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From Wikipedia, the free encyclopedia

In religion and ethics, inviolability or sanctity of life is a principle of implied protection regarding aspects of sentient life which are said to be holy, sanctified, or otherwise of such value that they are not to be violated. In western religions, the concept is based on the belief that all human beings have souls or are created in God's image.

The concept of inviolability is an important tie between the ethics of religion and the ethics of law, as each seeks justification for its principles as based on both purity and natural concept, as well as in universality of application.


Sanctity of life

The phrase sanctity of life refers to the idea that human life is sacred, argued mainly by the pro-life side in political and moral debates over such controversial issues as abortion, contraception, euthanasia, and the "right to die" in the United States, United Kingdom and other English-speaking countries. (Comparable phrases are used in other languages.) Although the phrase was used primarily in the 19th century in Protestant discourse, after World War II the phrase has been appropriated for Roman Catholic moral theology and, following Roe v. Wade, evangelical moral rhetoric.[1]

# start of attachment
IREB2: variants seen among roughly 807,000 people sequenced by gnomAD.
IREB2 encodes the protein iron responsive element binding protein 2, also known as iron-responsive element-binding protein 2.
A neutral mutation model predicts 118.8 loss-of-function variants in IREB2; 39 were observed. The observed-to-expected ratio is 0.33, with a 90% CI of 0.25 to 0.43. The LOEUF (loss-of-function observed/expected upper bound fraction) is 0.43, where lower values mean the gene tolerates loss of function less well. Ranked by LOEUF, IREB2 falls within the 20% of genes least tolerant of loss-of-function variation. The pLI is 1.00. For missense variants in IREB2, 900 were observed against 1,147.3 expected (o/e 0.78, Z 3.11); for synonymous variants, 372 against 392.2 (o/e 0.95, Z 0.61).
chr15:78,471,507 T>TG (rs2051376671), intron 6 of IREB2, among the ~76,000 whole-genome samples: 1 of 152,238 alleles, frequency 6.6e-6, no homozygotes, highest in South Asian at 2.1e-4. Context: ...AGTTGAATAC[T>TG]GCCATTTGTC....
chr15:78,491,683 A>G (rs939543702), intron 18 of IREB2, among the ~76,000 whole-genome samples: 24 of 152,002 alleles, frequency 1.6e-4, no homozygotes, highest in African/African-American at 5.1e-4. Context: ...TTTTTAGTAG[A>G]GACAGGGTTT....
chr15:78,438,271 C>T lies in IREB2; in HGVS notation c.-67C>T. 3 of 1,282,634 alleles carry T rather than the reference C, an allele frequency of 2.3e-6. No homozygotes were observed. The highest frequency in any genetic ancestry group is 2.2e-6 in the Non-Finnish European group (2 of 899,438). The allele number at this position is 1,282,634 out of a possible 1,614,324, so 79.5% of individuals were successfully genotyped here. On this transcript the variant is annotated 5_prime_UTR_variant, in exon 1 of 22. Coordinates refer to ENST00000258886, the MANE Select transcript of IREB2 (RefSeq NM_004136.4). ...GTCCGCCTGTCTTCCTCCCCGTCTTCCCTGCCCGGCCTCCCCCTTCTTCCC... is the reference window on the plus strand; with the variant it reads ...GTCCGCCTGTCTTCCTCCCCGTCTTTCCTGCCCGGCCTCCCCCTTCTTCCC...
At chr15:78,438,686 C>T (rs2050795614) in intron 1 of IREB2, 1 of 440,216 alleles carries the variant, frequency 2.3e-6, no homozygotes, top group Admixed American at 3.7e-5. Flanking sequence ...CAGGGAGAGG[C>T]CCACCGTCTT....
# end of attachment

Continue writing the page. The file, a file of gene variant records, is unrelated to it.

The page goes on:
In Western thought, sanctity of life is usually applied solely to the human species (anthropocentrism, sometimes called dominionism), in marked contrast to many schools of Eastern philosophy, which often hold that all animal life is sacred―in some cases to such a degree that, for example, practitioners of Jain carry brushes with which to sweep insects from their path, lest they inadvertently tread upon them.

See also


  1. ^ Drutchas, Geoffrey Gilbert (1996). Is Life Sacred? The Incoherence of the Sanctity of Life as a Moral Principle within the Christian Churches. Lancaster Theological Seminary. 

Further reading

  • Barry, Robert Laurence (2002). The Sanctity of Human Life and Its Protection. Lanham: University Press of America. 
  • Bayertz, Kurt (ed.) (1996). Sanctity of Life and Human Dignity. Philosophy and Medicine; v. 52. Dordrecht; Boston: Kluwer Academic. 
  • Bernardin, Joseph Louis, et al. (1988). Consistent Ethic of Life. Kansas City, MO: Sheed & Ward. 
  • Kass, Leon R. (March 1990). "Death with Dignity and the Sanctity of Life". Commentary (New York: American Jewish Committee) 89 (3): 33–43. ISSN 0010-2601. 
  • Keyserlingk, Edward W. (1979). Sanctity of Life: or, Quality of Life in the Context of Ethics, Medicine, and Law: A Study. Protection of Life Series. Ottawa: Law Reform Commission of Canada. 
  • Kohl, Marvin (1974). The Morality of Killing; Sanctity of Life, Abortion, and Euthanasia. New York: Humanities Press. 
  • Kuhse, Helga (1987). The Sanctity-of-Life Doctrine in Medicine: A Critique. Oxford: Oxford University Press. 
  • McCormick, Richard A. (1981). "The Quality of Life and the Sanctity of Life". How Brave a New World?: Dilemmas in bioethics (New York: Doubleday): 383–402. 
  • Singer, Peter (2002). Unsanctifying Human Life: essays on ethics. Oxford: Blackwell. 
  • Wildes, Kevin Wm.; Francesc Abel, John C. Harvey (1992). Birth, Suffering, and Death: Catholic Perspectives at the Edges of Life. Dordrecht; Boston: Kluwer Academic. 

Distinguish from



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